Horse breeding courses are essential for anyone who works with horses, whether as a professional breeder or a stable hand.
Surprisingly, knowledge of horse breeding is also important if you’re considering buying a horse. Why? Because knowledge of genetics and good conformation ensures you purchase wisely.
Our Certificate of Horse Breeding will deepen and strengthen your understanding of horse breeding, which will improve your career prospects in many areas of the equine industry.
There are many different reasons to breed horses, but the most significant is to improve vigour, strength, conformation or temperament. These qualities will be dependent on the horse’s purpose, from showjumping to working on a farm.
This course is beneficial for stud owners, equine assistants, riding instructors, horse trimmer and stable hands. The knowledge gained will help you to build experience in the field of horse breeding and understand how to raise healthy horses.
Outcomes achieved by undertaking horse breeding courses include:
- An understanding of heritability is fundamental
- The Work of Gregor Mendel
- Chromosomes and Genetics in Breeding
- Selecting the mare and the stallion
- Quantitative and Qualitative Inheritance
- The Reproductive Cycle of the Mare
- Hormonal Control
- Abnormal Oestrus
- Breeding Fitness
- General Broodmare Care
- Nutrition and Feeding
- Stallion Management for Reproduction
- Training the young stallion
- Steps in training a novice stallion onto the phantom
- Common clinical problems with stallions
- Artificial insemination
- Handling Frozen Semen
- Embryo transfer
- When to breed
- Detection of Oestrus
- Gestation and Methods and Detecting Pregnancy
- Methods of Diagnosis
- Pregnancy Tests
- Post-Natal Growth
- Preparation of the foaling environment
- Preparation for if things go wrong
- The Physical Environment – Bedding
- Common Bedding in the Foaling Environment
- Stabling and safe environment for newborn foals
- Lactation and suckling
- Premature Foals
- Orphan foals
- Common health problems in newborn foals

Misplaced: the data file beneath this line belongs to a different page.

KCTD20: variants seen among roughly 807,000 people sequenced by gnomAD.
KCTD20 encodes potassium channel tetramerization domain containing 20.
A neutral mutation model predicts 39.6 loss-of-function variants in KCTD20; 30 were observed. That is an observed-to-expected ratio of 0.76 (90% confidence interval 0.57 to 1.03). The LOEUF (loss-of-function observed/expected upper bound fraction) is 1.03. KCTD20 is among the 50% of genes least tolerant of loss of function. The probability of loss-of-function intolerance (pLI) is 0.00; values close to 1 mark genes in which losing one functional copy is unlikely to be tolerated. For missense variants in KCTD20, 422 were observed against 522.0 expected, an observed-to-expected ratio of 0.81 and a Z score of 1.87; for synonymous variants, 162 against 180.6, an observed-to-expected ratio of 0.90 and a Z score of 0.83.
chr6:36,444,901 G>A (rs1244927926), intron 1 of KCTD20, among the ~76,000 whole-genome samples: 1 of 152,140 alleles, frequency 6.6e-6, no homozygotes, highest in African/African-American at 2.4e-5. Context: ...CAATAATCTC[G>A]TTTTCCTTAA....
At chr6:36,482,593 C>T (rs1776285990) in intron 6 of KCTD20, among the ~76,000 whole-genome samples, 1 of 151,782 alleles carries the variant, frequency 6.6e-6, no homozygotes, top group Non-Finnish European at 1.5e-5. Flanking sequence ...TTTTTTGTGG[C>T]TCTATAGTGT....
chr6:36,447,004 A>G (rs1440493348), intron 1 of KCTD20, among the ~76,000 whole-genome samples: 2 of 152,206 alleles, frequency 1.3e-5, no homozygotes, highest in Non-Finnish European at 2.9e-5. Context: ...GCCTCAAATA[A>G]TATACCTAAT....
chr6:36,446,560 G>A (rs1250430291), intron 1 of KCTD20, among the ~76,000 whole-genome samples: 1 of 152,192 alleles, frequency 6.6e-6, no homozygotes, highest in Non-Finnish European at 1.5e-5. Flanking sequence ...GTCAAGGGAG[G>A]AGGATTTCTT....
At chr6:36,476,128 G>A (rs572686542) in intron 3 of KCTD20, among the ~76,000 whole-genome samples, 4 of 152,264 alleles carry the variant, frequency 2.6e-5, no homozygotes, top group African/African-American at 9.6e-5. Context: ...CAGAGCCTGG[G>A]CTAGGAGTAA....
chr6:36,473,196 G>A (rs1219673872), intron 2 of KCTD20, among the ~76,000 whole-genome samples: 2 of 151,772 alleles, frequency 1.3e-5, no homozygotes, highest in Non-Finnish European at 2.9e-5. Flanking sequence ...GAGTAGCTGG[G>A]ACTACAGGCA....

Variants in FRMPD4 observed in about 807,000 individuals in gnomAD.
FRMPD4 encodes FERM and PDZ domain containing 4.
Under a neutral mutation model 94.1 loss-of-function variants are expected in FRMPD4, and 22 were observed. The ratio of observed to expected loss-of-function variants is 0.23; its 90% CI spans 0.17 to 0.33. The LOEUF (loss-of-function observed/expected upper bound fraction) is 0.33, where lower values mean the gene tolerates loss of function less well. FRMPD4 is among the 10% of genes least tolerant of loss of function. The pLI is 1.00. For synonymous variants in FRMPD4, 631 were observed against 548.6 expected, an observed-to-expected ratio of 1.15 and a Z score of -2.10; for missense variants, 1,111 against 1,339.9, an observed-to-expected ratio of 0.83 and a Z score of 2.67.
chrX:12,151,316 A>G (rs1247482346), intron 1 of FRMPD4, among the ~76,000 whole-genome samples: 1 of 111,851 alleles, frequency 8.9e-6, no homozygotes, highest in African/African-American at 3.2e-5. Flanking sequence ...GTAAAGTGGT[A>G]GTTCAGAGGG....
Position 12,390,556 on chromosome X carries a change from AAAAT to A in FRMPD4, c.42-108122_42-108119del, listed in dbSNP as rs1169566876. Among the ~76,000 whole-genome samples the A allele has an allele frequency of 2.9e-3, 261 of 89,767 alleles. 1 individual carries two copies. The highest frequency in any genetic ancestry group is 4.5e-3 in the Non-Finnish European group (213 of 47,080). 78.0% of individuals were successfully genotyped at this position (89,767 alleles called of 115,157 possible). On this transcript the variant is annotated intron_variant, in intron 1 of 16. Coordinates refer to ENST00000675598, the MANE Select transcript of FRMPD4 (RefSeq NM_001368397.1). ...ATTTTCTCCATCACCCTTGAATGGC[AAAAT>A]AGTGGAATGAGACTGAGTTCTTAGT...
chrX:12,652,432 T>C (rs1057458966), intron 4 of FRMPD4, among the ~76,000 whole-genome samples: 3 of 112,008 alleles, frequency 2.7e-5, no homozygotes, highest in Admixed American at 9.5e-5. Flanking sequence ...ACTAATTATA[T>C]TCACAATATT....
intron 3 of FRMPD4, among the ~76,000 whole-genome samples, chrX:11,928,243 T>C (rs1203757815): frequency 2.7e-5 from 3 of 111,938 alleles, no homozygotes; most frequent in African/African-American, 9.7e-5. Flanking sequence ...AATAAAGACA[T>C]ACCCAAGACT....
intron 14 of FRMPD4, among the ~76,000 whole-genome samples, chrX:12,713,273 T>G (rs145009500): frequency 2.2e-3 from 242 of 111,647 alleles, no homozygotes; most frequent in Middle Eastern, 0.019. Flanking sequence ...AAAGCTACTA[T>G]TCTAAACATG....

- Understanding Fertility in Mares
- Understanding Fertility in Stallions
- Handling and Management in Stallions
What is Good Conformation?
When assessing the conformation of a horse, there are many factors involved. The following is a list of some characteristics that make up good conformation, but there are many more you can discover in horse breeding courses.
- Lean and in proportion with the entire horse.
- Jawbone should have space between its lower edge and the jugular allowing flexion.
- The set of the head on the neck affects flexion (therefore control and balance) so look for a well-set head – for this consider the shoulder angle.
- Clear and bright, not too large or too small. Widely set eyes give a broad range of vision.
- It is a common belief that the expression of the eye is a sign of temperament.
- A good size, flexible and forward-facing when pricked.
- Look for clean nostrils.
- There should be a convex curve with a distinct arch from the poll to the withers
- In the front withers, the neckline should be straight.
- The neck muscle should disappear into the shoulder smoothly in the middle of the shoulder.
- Look for clean lines of the neck and a balanced length in proportion with the rest of the horse.
- The highest part of the horse (height is determined from here).
- Withers are defined clearly, providing a point for attachment of the shoulder and back muscles.